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  Table of Contents  
Year : 2014  |  Volume : 51  |  Issue : 6  |  Page : 33-36

Outcome analysis of benign vocal cord tumors treated by laryngeal endoscopy under low temperature-controlled radiofrequency

Department of Otolaryngology Head and Neck Surgery, Clinical School of Medical College, Jinling Hospital, Nanjing University, Nanjing, Jiangsu 210002, China

Date of Web Publication24-Feb-2015

Correspondence Address:
Prof. W Chen
Department of Otolaryngology Head and Neck Surgery, Clinical School of Medical College, Jinling Hospital, Nanjing University, Nanjing, Jiangsu 210002
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Source of Support: None, Conflict of Interest: None

DOI: 10.4103/0019-509X.151994

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 » Abstract 

Objective: This study aimed to evaluate the outcome of benign vocal cord tumors treated using a laryngeal endoscopy under low temperature-controlled radiofrequency and to elucidate the application of a dynamic laryngoendoscopy in the operation. Materials and Methods: 85 patients with benign vocal cord tumors were treated by laryngeal endoscopy under low temperature-controlled radiofrequency from September 2011 to October 2013. A XION electronic dynamic laryngoendoscopy (Germany) was used to observe curative effects 3 months after operation. Wave images were recorded with larynx-wave recording software to analyze tumor characteristics. Results: Among the 85 patients, 81 showed smooth surface of operation wounds without any residue. The mucosal wave was also basically normal. Sound was generally recovered after 1-3 months. Three cases presented improved pronunciation function after the operation, whereas 1 patient with residual tumor at the front of vocal chords underwent another operation after 6 months. Conclusion: Low temperature-controlled radiofrequency exhibited many advantages, including minimal trauma, minimal bleeding, high safety, and few complications. Moreover, treatment of benign vocal cord tumors with a laryngeal endoscopy presented satisfactory outcomes. Therefore, this technology has broad application prospects.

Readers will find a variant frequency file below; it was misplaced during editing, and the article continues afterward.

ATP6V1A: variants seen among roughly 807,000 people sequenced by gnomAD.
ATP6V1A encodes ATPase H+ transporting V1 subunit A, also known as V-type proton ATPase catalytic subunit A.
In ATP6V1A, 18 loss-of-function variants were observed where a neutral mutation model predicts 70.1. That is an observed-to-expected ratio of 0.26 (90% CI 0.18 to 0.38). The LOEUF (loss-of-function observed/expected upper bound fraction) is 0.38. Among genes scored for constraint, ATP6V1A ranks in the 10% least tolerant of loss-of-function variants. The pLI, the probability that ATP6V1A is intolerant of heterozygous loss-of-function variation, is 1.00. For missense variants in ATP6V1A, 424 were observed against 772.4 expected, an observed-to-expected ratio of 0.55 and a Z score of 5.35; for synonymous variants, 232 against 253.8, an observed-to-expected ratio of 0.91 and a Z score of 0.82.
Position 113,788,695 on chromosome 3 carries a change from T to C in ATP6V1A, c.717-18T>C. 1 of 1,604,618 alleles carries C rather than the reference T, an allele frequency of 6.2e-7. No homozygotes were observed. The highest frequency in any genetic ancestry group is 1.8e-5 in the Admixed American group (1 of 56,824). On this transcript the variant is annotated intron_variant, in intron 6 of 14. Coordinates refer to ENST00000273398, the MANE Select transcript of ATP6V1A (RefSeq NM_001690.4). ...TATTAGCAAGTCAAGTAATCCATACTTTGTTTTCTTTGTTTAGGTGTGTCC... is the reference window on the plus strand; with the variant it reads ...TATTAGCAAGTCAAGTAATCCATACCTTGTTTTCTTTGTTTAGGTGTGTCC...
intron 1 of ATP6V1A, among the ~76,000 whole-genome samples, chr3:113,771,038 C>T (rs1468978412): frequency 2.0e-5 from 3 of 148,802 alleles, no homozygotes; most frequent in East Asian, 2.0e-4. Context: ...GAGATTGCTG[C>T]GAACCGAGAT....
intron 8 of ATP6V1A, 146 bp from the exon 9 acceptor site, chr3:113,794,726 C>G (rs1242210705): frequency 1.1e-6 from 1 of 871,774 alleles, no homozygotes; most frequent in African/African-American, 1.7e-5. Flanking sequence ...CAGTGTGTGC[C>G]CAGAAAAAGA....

Keywords: Benign vocal cord tumor, low temperature-controlled radiofrequency, minimal invasive treatment

How to cite this article:
Wang Z Y, Xu L, Wu K M, Zhang Y, Chen W. Outcome analysis of benign vocal cord tumors treated by laryngeal endoscopy under low temperature-controlled radiofrequency. Indian J Cancer 2014;51, Suppl S2:33-6